To compare the logistics footprint I make the assumption that 24 155 mm rounds equals 30 120 mm rounds when it comes to effect. A complete 155 mm round has a weight of around 60 kg, made up of a 45 kg shell and a 15 kg charge. Similarly, a complete 120 mm round weighs around 32 kg, of which 25 kg is the shell and 7 kg the charge. The fire mission of the 120 mm gun would then come in at two-thirds the total weight of the 155 mm fire mission. If you include a casing to allow for the automatic handling of the ammunition a complete 120 mm round comes in at approximately 40 kg, meaning the fire mission is just 83% of the weight of the 155 mm one. However, fixed ammunition require more space, and the 120 mm fire mission with fixed ammunition will take up approximately 20% more space. However, comparing against fixed 155 mm ammunition the latter will weigh 70% more and take up 40% more space. The benefit of fixed ammunition is that in the same way as with Bkan and 120/80 it is possible to have a higher degree of automation when firing and handling the rounds. This in turn leads to a higher rate of fire and better effect in target. The conclusion is that with fixed 120 mm ammunition you get a similar logistic footprint, but with a round that is more easy to handle and you will be able to get off more rounds which will give as good or better effect in target compared to 155 mm. In real terms, a full charge 120 mm round with a fixed casing will weigh less than 40 kg, and can easily be carried from vehicle to vehicle by a single soldier. A 155 mm round with a fixed casing will come in at 85 kg and will need two persons to carry it, not the least due to the uneven weight distribution. If an autoloader could use the kind of combustible casings that tank rounds use, it should be possible to shave a few additional kilograms of the 120 mm round.
Autoloading versus manual
To achieve good effect in target a high rate of fire is a good tool, and to reach a high rate of fire the ammunition and its handling plays a big role. 155 mm howitzers usually have a rate of fire that varies between 3 to 10 rounds per minute with separate loading ammunition. These are usually either completely manual or equipped with different kinds of automatic handling and loading aids. Some have the ability to fire off a few quick rounds, before settling in for a lower sustained rate of fire. E.g. Haubits 77A was able to fire three shots in less than ten seconds. This is possible as the charges are put in a casing, which allows for the use of a very quick vertically sliding breech block. The shell and the casing is then loaded with a hydraulic rammer. To fire really quickly fixed casings are needed. E.g. Bkan 1 has a technical rate of fire of 18 rounds/min. The 12/80 is another example albeit with 120 mm calibre. With an autoloader the 12/80 fires off 16 rounds/min. There are even faster Swedish guns. 120 mm anti-aircraft gun 4501 has a rate of fire of no less than 80 rounds/min. The 23 ton heavy gun carries 52 rounds.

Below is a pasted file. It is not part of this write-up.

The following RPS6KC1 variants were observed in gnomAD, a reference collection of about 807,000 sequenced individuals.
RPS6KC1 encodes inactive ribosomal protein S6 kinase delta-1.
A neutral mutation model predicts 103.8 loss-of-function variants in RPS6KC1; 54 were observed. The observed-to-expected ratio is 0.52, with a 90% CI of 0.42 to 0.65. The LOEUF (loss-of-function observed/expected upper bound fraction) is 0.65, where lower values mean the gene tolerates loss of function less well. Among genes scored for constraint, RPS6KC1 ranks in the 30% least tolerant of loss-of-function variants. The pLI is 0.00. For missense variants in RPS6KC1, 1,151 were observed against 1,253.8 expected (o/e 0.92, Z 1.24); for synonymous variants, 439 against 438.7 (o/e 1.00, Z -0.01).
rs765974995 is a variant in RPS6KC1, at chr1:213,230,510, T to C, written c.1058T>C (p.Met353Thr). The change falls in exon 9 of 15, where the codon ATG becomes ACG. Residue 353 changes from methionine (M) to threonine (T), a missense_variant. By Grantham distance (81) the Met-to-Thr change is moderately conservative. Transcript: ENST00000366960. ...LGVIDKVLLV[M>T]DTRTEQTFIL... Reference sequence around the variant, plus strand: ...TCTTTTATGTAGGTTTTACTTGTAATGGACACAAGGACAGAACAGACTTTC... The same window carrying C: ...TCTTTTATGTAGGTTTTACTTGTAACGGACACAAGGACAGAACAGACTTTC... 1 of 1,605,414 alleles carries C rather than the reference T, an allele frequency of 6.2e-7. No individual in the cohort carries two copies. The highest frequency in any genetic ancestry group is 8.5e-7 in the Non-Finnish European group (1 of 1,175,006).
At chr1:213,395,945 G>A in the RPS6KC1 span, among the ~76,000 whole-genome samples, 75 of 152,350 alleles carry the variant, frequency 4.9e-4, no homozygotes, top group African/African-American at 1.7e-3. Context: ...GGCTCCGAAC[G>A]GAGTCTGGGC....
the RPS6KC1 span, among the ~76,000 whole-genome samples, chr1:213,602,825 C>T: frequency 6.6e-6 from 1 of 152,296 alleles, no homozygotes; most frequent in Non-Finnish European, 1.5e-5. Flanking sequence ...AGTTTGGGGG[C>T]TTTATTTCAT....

Another Swedish rapid-firing gun, although in 105 mm, is the Strv 103. As far as I remember, the technical rate of fire is 26-27 rounds/min and the tank carries 50 rounds. To note is that the sole 155 mm field artillery piece amongst these was the Bkan 1. The reason behind this is, amongst other things, that the mechanism becomes large and heavy. It is also unable to bring along more than 14 rounds. This is likely one of the reasons why modern 155 mm guns almost universally have separate loading munitions. The second, and perhaps even more important issue, is that one wants to be able to set the charge size for each round, and not be limited to a pre-set number of each charge that is set already when the ammunition is manufactured. In 120 mm it should however be possible to benefit from the carefree handling of fixed ammunition and bring more rounds, without the rounds becoming overly large.